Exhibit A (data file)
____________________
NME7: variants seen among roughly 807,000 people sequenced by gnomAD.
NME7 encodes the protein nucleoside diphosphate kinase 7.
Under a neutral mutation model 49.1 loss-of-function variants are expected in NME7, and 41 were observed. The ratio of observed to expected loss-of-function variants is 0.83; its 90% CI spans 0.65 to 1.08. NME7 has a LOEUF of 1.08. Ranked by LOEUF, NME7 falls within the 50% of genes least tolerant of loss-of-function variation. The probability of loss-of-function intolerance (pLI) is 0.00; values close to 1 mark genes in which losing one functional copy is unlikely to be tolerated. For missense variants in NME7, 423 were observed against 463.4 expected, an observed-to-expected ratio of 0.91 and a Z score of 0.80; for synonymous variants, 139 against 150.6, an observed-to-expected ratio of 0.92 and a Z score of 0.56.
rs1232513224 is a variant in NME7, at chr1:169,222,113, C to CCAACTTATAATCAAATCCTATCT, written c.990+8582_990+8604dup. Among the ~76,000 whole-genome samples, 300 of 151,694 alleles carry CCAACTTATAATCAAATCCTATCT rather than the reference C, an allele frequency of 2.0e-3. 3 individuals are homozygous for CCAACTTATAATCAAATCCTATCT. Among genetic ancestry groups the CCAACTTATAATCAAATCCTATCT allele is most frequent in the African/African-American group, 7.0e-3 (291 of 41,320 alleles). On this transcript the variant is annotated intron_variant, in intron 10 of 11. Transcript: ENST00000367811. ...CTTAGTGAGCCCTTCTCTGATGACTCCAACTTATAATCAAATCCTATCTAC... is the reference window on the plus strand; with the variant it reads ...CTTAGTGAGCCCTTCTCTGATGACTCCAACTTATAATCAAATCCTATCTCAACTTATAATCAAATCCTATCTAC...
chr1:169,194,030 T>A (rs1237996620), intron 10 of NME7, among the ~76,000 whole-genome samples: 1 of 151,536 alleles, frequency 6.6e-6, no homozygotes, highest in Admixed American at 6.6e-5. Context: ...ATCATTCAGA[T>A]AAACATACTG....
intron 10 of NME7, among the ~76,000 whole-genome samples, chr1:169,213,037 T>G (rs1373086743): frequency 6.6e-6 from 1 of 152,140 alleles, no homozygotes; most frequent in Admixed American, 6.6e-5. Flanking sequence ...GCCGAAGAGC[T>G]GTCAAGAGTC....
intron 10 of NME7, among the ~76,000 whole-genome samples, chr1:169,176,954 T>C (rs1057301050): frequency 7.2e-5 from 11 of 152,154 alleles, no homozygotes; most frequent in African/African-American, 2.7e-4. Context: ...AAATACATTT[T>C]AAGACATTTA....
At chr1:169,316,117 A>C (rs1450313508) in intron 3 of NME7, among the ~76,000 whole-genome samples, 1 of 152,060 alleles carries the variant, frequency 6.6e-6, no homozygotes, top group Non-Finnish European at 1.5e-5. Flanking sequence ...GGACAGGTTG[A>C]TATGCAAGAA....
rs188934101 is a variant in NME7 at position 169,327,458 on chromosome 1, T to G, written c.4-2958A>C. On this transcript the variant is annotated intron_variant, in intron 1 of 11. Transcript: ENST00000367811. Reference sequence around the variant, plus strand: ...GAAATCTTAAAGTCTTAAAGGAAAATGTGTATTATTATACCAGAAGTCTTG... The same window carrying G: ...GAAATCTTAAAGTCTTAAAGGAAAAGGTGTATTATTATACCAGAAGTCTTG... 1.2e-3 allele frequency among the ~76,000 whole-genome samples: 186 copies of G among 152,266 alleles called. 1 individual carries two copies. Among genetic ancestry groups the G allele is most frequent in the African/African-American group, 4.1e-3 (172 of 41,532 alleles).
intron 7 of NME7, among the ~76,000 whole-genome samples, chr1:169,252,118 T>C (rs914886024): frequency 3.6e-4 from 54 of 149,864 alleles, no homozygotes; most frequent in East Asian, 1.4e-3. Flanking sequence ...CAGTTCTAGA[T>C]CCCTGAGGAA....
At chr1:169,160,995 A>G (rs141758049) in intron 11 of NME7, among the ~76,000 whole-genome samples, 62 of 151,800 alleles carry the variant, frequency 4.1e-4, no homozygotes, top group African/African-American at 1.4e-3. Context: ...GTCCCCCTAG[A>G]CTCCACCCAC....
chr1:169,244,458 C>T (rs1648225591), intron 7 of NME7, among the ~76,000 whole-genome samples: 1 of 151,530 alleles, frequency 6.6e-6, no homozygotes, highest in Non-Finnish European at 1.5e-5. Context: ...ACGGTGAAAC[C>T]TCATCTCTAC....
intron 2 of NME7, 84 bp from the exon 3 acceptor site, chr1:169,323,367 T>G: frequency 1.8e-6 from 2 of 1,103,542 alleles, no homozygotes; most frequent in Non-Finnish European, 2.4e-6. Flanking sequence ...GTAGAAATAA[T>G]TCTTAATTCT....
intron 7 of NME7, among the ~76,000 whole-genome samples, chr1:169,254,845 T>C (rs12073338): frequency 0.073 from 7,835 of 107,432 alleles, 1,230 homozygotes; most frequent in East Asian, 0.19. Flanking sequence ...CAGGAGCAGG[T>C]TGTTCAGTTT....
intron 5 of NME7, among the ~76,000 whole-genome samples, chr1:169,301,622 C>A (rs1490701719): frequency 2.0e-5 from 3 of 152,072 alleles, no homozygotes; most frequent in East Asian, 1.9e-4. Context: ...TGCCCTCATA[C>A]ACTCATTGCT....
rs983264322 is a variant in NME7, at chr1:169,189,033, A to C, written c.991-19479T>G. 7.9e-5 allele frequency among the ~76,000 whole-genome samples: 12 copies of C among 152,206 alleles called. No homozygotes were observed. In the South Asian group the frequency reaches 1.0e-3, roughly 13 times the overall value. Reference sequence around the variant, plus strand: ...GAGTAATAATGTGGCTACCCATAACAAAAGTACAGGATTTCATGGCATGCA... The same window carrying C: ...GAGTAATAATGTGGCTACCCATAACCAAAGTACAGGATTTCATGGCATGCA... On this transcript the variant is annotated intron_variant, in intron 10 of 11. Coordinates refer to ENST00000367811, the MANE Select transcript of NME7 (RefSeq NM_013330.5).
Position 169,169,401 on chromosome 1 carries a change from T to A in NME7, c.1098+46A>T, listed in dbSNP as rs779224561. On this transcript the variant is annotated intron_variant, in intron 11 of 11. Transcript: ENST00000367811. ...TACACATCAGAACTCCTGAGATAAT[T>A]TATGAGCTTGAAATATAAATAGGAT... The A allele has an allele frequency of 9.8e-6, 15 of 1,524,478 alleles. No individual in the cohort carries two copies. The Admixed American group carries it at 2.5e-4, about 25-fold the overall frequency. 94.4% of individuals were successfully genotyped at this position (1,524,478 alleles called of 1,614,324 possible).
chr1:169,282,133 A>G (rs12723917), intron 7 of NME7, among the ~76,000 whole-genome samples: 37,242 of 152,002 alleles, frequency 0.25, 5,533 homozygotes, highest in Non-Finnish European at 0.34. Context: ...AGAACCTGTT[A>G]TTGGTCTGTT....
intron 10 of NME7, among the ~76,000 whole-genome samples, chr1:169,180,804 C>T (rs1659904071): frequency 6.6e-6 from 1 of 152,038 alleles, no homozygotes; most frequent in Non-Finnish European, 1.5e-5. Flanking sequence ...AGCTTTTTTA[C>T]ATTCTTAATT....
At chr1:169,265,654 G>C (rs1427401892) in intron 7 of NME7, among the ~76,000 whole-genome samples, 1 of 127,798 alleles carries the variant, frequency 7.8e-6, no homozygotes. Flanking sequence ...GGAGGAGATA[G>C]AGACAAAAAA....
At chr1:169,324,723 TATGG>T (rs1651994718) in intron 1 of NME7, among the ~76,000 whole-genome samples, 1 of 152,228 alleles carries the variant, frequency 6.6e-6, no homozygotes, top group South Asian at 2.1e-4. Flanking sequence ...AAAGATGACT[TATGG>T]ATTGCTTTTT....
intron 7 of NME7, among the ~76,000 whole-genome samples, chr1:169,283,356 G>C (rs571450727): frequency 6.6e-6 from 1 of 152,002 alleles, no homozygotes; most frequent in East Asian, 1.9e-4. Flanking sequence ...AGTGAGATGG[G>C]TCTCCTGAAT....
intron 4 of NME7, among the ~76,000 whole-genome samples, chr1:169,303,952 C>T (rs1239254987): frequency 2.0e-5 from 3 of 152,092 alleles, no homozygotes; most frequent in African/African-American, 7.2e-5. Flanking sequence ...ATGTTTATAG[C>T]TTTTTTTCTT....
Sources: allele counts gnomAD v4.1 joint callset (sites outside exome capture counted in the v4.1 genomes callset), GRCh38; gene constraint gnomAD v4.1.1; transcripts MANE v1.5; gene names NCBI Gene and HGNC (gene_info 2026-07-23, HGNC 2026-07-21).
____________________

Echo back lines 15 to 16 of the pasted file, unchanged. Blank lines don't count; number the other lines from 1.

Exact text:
intron 5 of NME7, among the ~76,000 whole-genome samples, chr1:169,301,622 C>A (rs1490701719): frequency 2.0e-5 from 3 of 152,072 alleles, no homozygotes; most frequent in East Asian, 1.9e-4. Context: ...TGCCCTCATA[C>A]ACTCATTGCT....
rs983264322 is a variant in NME7, at chr1:169,189,033, A to C, written c.991-19479T>G. 7.9e-5 allele frequency among the ~76,000 whole-genome samples: 12 copies of C among 152,206 alleles called. No homozygotes were observed. In the South Asian group the frequency reaches 1.0e-3, roughly 13 times the overall value. Reference sequence around the variant, plus strand: ...GAGTAATAATGTGGCTACCCATAACAAAAGTACAGGATTTCATGGCATGCA... The same window carrying C: ...GAGTAATAATGTGGCTACCCATAACCAAAGTACAGGATTTCATGGCATGCA... On this transcript the variant is annotated intron_variant, in intron 10 of 11. Coordinates refer to ENST00000367811, the MANE Select transcript of NME7 (RefSeq NM_013330.5).